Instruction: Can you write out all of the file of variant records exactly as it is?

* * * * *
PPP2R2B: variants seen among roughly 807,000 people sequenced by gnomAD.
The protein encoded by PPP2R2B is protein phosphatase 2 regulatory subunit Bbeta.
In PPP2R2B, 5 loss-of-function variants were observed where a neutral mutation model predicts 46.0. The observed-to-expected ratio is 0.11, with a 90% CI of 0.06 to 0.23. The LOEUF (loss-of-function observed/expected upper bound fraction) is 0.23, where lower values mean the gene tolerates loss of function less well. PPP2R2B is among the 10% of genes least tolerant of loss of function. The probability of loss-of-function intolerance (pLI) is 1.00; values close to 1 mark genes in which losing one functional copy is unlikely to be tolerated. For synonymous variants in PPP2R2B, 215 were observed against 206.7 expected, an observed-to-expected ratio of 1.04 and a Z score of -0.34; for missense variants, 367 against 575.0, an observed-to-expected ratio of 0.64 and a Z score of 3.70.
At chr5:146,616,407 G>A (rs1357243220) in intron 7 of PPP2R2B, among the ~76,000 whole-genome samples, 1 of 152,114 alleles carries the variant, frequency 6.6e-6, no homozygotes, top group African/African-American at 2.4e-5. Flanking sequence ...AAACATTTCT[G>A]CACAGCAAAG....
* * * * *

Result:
PPP2R2B: variants seen among roughly 807,000 people sequenced by gnomAD.
The protein encoded by PPP2R2B is protein phosphatase 2 regulatory subunit Bbeta.
In PPP2R2B, 5 loss-of-function variants were observed where a neutral mutation model predicts 46.0. The observed-to-expected ratio is 0.11, with a 90% CI of 0.06 to 0.23. The LOEUF (loss-of-function observed/expected upper bound fraction) is 0.23, where lower values mean the gene tolerates loss of function less well. PPP2R2B is among the 10% of genes least tolerant of loss of function. The probability of loss-of-function intolerance (pLI) is 1.00; values close to 1 mark genes in which losing one functional copy is unlikely to be tolerated. For synonymous variants in PPP2R2B, 215 were observed against 206.7 expected, an observed-to-expected ratio of 1.04 and a Z score of -0.34; for missense variants, 367 against 575.0, an observed-to-expected ratio of 0.64 and a Z score of 3.70.
At chr5:146,616,407 G>A (rs1357243220) in intron 7 of PPP2R2B, among the ~76,000 whole-genome samples, 1 of 152,114 alleles carries the variant, frequency 6.6e-6, no homozygotes, top group African/African-American at 2.4e-5. Flanking sequence ...AAACATTTCT[G>A]CACAGCAAAG....